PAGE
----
Thatcher: I don't know that there are any strong, well products on the horizon. There are little segments of the market that are going to amaze certain people. So for example, we are seeing a lot more laptops in the 16- and 18-inch screen size, which really gives you the proper 16-by-nine aspect ratio for displaying high-definition content. We are seeing, well coming out in the future, we expect in 2009—this is kind of inside-of-the-case development—we are expecting some more hybrid graphic solutions so that you can switch between a graphics card that borrows from the system RAM in order to render the graphics versus the graphics card that has its own RAM. So you can choose between battery life preservation with the former and some higher performance and better video display values with the latter.

Steve: Cool. So tell us: The entire presentation that I just sat through that you gave is going to be up on the Web by the time this interview is published; and people would be able to go view that where?

Thatcher: You can go to our gadget blog which is crave.cnet.com and click on the laptops category and you will find an article in there called "Best Laptops Providers" and that should be up quite soon.

(music)

Steve: Now it's time to play TOTALL....... Y BOGUS. Here are four science stories; only three are true. See if you know which story is TOTALL....... Y BOGUS.

Story number 1: A company is marketing an add-on to turn your iPod into a breathalyzer.

Story number 2: Researchers have found the world's oldest spiderweb.

Story number 3: There is a conspicuous lack of acorns in the east this year.

And story number 4: Alaska produced 20 percent of U.S. energy last year.

Time is up.

Story 1 is true. You can get an accessory that makes your iPod a breathalyzer. The iDrunk—no it's really called the iBreath—also doubles as an FM transmitter to send your favorite tunes to the radio of the car that you are not driving in your condition. For more go to davidsteele.com

Story 2 is true. The spiderweb was found preserved in amber on an English beach two years ago. It's 140 –million-years-old, about 10 million years older than the previous record web.

And story 3 is true. The east coast is suffering from an acorn drought. Not to worry, however. Last year's acorn crop was huge, and there's often a linear following a bumper crop because the trees are basically worn out. Do be on the lookout though for hungry and aggressive squirrels.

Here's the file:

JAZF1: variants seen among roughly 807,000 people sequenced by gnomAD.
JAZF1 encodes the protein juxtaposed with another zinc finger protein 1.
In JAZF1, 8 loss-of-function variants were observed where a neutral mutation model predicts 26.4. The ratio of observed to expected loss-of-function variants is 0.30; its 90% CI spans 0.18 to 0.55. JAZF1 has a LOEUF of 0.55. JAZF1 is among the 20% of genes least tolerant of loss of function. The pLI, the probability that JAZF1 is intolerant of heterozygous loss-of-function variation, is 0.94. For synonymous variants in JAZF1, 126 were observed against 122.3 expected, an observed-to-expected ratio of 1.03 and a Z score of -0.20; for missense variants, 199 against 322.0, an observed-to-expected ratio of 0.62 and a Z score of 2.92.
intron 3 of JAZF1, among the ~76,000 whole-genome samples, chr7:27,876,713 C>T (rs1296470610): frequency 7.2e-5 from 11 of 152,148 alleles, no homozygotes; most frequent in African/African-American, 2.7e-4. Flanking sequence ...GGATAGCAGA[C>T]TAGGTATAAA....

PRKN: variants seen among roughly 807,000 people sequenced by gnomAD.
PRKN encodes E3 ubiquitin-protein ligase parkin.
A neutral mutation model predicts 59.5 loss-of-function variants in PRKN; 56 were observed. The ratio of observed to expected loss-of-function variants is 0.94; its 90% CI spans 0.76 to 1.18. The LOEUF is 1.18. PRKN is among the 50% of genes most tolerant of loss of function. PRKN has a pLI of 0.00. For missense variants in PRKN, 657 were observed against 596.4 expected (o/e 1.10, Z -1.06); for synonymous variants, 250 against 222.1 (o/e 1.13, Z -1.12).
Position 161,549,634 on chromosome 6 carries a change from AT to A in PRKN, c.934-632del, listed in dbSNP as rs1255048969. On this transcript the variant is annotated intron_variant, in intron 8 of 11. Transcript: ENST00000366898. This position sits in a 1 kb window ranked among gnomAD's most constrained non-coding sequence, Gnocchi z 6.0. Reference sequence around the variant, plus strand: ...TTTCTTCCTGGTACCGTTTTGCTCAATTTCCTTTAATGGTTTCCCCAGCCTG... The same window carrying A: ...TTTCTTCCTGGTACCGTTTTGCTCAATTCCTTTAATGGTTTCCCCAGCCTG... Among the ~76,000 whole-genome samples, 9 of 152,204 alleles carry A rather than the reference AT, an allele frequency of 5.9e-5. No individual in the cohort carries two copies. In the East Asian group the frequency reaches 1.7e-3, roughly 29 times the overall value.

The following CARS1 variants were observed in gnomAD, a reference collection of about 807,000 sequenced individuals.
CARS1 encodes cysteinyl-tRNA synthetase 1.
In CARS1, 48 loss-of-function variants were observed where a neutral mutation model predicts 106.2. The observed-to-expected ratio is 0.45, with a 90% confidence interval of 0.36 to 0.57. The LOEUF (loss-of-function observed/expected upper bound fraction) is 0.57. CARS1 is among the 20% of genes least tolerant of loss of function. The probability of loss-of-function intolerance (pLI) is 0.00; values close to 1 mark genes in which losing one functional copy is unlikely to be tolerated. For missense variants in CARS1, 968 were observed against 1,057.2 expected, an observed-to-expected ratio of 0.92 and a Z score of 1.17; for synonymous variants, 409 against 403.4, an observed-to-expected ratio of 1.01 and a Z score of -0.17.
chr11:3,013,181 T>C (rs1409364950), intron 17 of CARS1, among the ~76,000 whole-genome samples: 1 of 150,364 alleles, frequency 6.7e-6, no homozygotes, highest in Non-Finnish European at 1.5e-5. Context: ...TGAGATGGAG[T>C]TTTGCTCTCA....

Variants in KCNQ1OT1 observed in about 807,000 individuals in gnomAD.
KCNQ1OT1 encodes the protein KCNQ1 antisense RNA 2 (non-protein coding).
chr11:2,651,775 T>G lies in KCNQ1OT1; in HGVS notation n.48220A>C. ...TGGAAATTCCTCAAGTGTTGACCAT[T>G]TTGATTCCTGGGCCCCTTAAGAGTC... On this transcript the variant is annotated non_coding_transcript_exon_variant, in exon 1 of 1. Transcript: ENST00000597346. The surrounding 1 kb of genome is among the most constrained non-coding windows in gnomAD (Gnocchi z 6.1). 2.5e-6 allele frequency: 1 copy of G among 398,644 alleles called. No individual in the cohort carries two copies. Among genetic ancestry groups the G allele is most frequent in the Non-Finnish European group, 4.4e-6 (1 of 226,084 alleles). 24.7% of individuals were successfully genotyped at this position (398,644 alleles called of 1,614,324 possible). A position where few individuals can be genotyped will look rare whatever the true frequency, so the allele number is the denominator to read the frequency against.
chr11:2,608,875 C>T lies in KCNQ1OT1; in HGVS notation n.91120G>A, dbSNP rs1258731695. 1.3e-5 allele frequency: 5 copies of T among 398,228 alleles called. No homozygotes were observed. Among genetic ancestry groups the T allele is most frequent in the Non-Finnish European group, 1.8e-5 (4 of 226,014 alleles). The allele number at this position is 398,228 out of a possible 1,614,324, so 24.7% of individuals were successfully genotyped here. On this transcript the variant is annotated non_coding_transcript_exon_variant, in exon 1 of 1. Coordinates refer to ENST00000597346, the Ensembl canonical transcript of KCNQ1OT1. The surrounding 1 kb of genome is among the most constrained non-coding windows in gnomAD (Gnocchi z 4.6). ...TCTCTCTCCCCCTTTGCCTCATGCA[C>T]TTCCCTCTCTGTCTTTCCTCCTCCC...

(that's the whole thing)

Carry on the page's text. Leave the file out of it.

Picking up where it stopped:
All of which means that story 4, about Alaska producing 20 percent of U.S. energy last year, is TOTALL....... Y BOGUS. Here's John McCain during the campaign on Alaskan governor Sarah Palin's energy expertise:

John McCain: Energy, she knows more about energy than probably anyone else in the United States of America. She is the governor of the state that 20 percent of our, America's, energy supply comes from there.

Steve: Actually, Alaska was responsible for 14 percent of all the oil [emphasis] produced in the U.S. last year, but it's share of the total energy produced in the country was 3.5 percent; that's according to the U.S. Energy Information Administration. Of, the energy consumed in the U.S., Alaska accounted for 2.4 percent. McCain got the 20 percent figure from Palin. Oddly, President-elect Obama chose not to nominate Palin for energy secretary despite McCain's claims of her knowledge. Instead this week, he went with Steve Chu, director of the Berkeley National Lab and a Nobel laureate in physics. While he may not be the energy expert that Palin is, Chu probably isn't under the impression that a joule is a diamond, an erg is when you have a big hankerin' to do something and a Btu is great on toast with mayo.

Well that's it for this edition of Scientific American's Science Talk. Visit http://www.SciAm.com for all the latest science news, videos and slide shows. For Science Talk, I'm Steve Mirsky. Thanks for clicking on us.

Science Talk is a weekly podcast, subscribe here: RSS | iTunes

Scientific American editor Davide Castelvecchi reports from the annual meeting of the American Geophysical Union (AGU) in San Francisco. Subjects include the extinction of the dinosaurs and the Orbiting Carbon Observatory. And CNET Senior Associate Editor Michelle Thatcher gives us the lowdown on netbooks and tablet PCs. Plus, we'll test your knowledge about some recent science in the news. Web sites related to this episode include www.agu.org; crave.cnet.com